Dr @BenGoldacre was the keynote speaker at an IT conference I attended recently. In the context of the growing interest in technology ethics, especially AI ethics, I asked him what IT could learn from medical ethics. He responded by criticising the role of the ethics committee, and mentioned a recent case in which an ethics committee had blocked an initiative that could have collected useful data concerning the effectiveness of statins. This is an example of what Goldacre calls the ethical paradox. As he wrote in 2008,
“You can do something as part of a treatment program, entirely on a whim, and nobody will interfere, as long as it’s not potty (and even then you’ll probably be alright). But the moment you do the exact same thing as part of a research program, trying to see if it actually works or not, adding to the sum total of human knowledge, and helping to save the lives of people you’ll never meet, suddenly a whole bunch of people want to stuck their beaks in.”
Within IT, there is considerable controversy about the role of the ethics committee, especially after Google appointed and then disbanded its Ethics Board. In a recent article for Slate, @internetdaniel complains about company ethics boards offering “advice” rather than meaningful oversight, and calls this ethics theatre. @ruchowdh prefers to call it ethics washing.
So I was particularly interested to find a practical example of an ethics committee in action in this morning’s Guardian. While the outcome of this case is not yet clear, there seem to be some positive indicators in @sloumarsh‘s report.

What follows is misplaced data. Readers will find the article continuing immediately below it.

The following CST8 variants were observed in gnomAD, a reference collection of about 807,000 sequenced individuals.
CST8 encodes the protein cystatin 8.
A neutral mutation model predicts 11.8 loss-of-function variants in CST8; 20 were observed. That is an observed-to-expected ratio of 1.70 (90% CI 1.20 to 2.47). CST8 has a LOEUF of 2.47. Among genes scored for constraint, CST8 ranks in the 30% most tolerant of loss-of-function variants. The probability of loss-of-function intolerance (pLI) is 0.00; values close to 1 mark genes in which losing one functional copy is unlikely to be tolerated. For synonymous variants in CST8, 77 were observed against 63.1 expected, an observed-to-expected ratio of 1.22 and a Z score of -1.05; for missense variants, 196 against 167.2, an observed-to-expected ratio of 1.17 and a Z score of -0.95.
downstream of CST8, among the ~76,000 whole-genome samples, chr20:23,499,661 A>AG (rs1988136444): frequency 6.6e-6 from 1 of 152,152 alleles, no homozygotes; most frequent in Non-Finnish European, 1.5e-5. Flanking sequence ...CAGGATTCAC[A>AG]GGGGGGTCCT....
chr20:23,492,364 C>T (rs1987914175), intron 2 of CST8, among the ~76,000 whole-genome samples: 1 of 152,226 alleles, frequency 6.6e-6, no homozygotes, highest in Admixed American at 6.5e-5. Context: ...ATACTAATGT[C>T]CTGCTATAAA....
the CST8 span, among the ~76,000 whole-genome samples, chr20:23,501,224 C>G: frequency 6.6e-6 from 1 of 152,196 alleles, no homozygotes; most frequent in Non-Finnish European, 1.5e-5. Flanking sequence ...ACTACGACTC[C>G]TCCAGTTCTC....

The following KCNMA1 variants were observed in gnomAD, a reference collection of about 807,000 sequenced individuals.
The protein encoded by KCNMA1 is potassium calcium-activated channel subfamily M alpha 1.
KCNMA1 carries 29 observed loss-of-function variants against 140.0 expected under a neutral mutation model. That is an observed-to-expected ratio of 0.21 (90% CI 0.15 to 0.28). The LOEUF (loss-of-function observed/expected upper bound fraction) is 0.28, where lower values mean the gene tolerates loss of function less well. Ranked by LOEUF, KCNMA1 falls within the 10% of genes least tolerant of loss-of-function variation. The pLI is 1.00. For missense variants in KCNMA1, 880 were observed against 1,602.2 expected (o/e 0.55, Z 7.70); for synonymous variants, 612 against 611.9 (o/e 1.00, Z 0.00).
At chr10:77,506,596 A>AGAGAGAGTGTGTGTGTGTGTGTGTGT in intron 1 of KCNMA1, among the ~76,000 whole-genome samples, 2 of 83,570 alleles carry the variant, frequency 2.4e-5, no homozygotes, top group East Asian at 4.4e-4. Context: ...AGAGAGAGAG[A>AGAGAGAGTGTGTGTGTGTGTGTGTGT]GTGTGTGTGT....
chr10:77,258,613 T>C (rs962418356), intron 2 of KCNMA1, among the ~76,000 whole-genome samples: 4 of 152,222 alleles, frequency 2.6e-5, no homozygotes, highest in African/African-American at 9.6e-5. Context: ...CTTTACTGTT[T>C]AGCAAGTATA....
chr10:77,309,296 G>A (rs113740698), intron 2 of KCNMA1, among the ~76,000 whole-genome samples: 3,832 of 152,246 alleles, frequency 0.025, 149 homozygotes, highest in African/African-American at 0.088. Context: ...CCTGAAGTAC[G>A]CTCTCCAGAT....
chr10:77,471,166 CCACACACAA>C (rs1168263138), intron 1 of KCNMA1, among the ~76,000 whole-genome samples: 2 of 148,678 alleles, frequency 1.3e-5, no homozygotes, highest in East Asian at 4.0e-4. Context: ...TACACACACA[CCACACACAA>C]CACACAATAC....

Firstly, the topic (predictive policing) is clearly an important and difficult one. It is not just about applying a simplistic set of ethics principles, but balancing a conflicting set of interests and concerns. (As @oscwilliams reports, this topic has already got the attention of the Information Commissioner’s Office.)
Secondly, the discussion is in the open, and the organization is making the right noises. “This is an important area of work, that is why it is right that it is properly scrutinised and those details are made public.” (This contrasts with some of the bad examples of medical ethics cited by Goldacre.)
Thirdly, the ethics committee is (informally) supported by a respected external body (Liberty), which adds weight to its concerns, and has helped bring the case to public attention. (Credit @Hannah_Couchman)
Fourthly, although the ethics committee mandate only applies to a single police force (West Midlands), its findings are likely to be relevant to other police forces across the UK. For those forces that do not have a properly established governance process of their own, the default path may be to follow the West Midlands example.
So it is possible (although not guaranteed) that this particular case may produce a reasonable outcome, with a valuable contribution from the ethics committee and its external supporters. But it is worrying if this is what it takes for governance to work, because this happy combination of positive indicators will not be present in most other cases.
Ben Goldacre, Where’s your ethics committee now, science boy? (Bad Science Blog,23 February 2008), When Ethics Committees Kill (Bad Science Blog, 26 March 2011), Taking transparency beyond results: ethics committees must work in the open (Bad Science Blog, 23 September 2016)
Sarah Marsh, Ethics committee raises alarm over ‘predictive policing’ tool (The Guardian, 20 April 2019)
Daniel Susser, Ethics Alone Can’t Fix Big Tech (Slate, 17 April 2019)
Jane Wakefield, Google’s ethics board shut down (BBC News, 5 April 2019)
Oscar Williams, Some of the UK’s biggest police forces are using algorithms to predict crime (New Statesman, 4 February 2019)